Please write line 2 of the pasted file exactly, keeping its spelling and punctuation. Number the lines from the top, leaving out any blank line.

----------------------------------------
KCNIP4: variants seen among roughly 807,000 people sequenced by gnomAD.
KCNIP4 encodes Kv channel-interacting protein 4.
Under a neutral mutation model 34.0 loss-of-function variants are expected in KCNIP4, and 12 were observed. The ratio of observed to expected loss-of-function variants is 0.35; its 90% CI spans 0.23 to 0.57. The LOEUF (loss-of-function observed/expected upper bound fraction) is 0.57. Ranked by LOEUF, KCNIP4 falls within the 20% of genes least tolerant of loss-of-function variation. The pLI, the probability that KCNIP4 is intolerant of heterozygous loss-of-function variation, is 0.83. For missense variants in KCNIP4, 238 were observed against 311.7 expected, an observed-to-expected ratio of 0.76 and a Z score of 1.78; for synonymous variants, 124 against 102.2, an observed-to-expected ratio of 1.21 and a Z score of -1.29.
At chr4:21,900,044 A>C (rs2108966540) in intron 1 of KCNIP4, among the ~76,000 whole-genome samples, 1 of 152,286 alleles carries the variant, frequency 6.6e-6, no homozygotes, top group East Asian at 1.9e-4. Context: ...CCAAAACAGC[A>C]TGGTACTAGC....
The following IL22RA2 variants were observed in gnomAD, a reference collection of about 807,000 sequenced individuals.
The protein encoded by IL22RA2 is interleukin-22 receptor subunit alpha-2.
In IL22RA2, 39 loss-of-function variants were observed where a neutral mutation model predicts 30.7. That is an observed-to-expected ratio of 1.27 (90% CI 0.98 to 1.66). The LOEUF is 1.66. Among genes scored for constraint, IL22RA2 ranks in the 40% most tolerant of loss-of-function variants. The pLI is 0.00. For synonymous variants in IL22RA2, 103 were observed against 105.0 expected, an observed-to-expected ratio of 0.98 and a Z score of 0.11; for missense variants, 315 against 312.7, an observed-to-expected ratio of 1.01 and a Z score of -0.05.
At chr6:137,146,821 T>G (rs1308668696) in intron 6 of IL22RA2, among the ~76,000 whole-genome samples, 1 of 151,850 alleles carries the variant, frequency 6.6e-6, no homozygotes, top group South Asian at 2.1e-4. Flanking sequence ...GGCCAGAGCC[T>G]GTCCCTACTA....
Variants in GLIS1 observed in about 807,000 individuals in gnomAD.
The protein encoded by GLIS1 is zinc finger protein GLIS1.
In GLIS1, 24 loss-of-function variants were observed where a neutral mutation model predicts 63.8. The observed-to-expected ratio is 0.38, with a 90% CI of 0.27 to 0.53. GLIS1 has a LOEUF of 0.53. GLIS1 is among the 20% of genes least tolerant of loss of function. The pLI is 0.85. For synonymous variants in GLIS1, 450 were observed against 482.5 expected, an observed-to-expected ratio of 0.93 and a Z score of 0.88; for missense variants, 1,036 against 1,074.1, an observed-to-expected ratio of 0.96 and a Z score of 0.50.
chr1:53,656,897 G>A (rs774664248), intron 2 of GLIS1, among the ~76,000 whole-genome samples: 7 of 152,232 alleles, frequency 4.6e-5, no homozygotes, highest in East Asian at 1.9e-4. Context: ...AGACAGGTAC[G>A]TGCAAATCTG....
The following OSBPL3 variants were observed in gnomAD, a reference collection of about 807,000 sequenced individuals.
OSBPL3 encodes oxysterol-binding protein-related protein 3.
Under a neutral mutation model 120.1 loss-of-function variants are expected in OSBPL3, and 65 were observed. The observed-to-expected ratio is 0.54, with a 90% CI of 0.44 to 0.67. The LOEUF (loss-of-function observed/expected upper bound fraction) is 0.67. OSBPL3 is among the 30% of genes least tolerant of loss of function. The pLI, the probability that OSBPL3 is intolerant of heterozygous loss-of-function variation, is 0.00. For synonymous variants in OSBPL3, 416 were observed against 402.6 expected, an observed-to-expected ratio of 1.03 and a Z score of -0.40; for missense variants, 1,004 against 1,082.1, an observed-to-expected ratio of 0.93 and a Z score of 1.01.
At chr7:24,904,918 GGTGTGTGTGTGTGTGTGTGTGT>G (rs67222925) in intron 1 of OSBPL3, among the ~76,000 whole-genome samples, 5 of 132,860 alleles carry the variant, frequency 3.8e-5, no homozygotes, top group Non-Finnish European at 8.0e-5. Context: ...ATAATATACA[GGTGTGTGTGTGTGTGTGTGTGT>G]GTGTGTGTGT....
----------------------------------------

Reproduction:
KCNIP4 encodes Kv channel-interacting protein 4.